We’ve all been to events - fundraisers, golf tournaments, barbecues, conventions, galas, dinners, dances - and left with a bag of promotional merchandise. From golf balls to lanyards, promotional products pile up fast. Promo products have been called the oldest form of advertising. American businesses spend upwards of $20 billion giving away stuff with logos, evidence that promotional products really work. Humans are hardwired to react and respond if they are given something. Take the compelling example of Disabled Veterans of America, when the group sends a mailing for contributions they get an 18% response rate, but when the same letter is sent with personalized address labels, a 35% response rate is observed. For the minimal cost of these address labels, the group has nearly doubled their return on investment. Marketers have taken advantage of this rule, that people, across cultures, tend to give back when they are given to, for years.

There’s a right and a wrong way to use promo products. If you have no strategy behind your promotional merchandise, it will most likely end up in the garbage. Before you start branding water bottles and fridge magnets, consider these tips:

Give items that are relevant, and are present where business is occurring. Giving a bookmark to the CEO of an electronic tablet company probably won’t get you anywhere. Moreover, many common promotional products are used once and disposed of. If you’re going after executives, provide them with a product that can be of actual use on their desktop or in their office. If the product is around, it’s in their line of view or even in use when decisions are made.

Personalize the products, rather than just printing your own logo. Combining a potential client’s logo and your own logo can immediately give them a sense of partnership and opportunities for the future. They are probably less likely to toss them out upon arrival if they have their own logo front and centre.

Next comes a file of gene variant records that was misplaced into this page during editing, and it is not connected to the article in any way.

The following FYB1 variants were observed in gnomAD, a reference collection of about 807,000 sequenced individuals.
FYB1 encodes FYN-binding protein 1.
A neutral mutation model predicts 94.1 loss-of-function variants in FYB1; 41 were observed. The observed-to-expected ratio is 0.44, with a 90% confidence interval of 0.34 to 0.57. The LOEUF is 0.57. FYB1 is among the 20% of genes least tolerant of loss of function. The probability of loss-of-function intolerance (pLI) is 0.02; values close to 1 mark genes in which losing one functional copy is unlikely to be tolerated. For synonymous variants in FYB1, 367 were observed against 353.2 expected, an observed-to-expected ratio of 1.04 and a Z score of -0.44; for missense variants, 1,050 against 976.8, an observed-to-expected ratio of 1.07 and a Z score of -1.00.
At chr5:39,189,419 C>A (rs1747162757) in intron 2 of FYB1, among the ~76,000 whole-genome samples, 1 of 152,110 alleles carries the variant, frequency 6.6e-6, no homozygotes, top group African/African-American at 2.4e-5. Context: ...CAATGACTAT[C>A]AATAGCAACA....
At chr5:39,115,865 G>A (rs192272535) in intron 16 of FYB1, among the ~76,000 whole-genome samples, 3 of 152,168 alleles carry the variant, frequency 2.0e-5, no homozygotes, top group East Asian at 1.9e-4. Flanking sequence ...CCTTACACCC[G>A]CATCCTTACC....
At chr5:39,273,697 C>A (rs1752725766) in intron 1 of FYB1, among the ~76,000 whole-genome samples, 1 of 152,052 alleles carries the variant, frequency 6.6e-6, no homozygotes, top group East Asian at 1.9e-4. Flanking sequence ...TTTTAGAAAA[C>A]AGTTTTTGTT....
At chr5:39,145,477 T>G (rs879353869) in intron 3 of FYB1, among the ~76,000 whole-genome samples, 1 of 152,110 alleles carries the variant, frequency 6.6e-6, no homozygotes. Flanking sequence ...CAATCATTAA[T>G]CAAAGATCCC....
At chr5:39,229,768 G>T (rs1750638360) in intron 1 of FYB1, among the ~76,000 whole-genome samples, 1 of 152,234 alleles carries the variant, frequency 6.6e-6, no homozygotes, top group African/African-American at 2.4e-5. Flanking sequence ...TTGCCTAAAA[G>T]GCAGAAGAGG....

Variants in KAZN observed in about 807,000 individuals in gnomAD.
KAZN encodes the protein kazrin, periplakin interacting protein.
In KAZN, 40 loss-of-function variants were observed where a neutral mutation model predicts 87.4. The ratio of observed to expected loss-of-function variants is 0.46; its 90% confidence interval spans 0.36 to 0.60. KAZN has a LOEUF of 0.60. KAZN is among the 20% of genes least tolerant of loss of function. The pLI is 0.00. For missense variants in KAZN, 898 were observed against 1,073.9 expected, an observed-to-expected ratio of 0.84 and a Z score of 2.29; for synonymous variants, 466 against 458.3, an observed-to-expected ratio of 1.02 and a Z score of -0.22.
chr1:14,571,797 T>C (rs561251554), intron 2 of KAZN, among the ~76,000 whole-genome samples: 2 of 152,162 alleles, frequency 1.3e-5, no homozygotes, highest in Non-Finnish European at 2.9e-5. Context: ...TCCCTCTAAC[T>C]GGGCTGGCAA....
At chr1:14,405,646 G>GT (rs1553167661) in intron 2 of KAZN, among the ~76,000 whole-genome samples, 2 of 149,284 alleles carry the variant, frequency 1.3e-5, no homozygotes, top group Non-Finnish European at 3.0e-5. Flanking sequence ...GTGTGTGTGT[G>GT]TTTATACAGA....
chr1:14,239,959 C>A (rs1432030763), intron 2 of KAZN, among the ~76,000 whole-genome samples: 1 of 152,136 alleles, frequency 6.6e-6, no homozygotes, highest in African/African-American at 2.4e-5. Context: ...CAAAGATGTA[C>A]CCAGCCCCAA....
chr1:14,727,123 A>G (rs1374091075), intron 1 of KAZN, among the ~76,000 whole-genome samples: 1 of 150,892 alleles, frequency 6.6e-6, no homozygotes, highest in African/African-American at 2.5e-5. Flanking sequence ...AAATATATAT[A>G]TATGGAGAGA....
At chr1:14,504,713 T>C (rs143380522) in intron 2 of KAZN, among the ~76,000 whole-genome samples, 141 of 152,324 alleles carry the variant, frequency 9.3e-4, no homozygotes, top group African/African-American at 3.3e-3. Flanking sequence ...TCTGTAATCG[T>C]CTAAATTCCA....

Make an impact with your product to differentiate your company. There are so many companies giving away free merchandise, it is essential that your branded product not end up in the pile with your competition. Underscoring your marketing message should be your priority. A computer software client that makes antivirus software once sent Information Technology types boxes of condoms with the message “protect yourself, protect your computers”. The IT employees were predominantly male. While the strategy is edgy, and fairly out of the box, it got a reaction.

Try environmentally friendly products instead of one-use-only merchandise. Eco-friendly products are everywhere, and the trend doesn’t seem to be waning any time soon. Offering environmentally friendly promotional products show that you’re current, and care about green practices. Many companies will place value on the fact that the product adheres to green standards, and are more likely to actually use it over another competitor’s promotional product. For example, reusable enviro-bags are becoming the new standard for grocery shopping - and everyone grocery shops. An enviro-bag will get used, and more importantly, seen.

While notepads and pens are cheap and simple promotional products, they have a short shelf life and they probably won’t give you a return on investment. Incorporating a little strategy into promotional products can increase brand recognition, drive leads and eventually increase profits.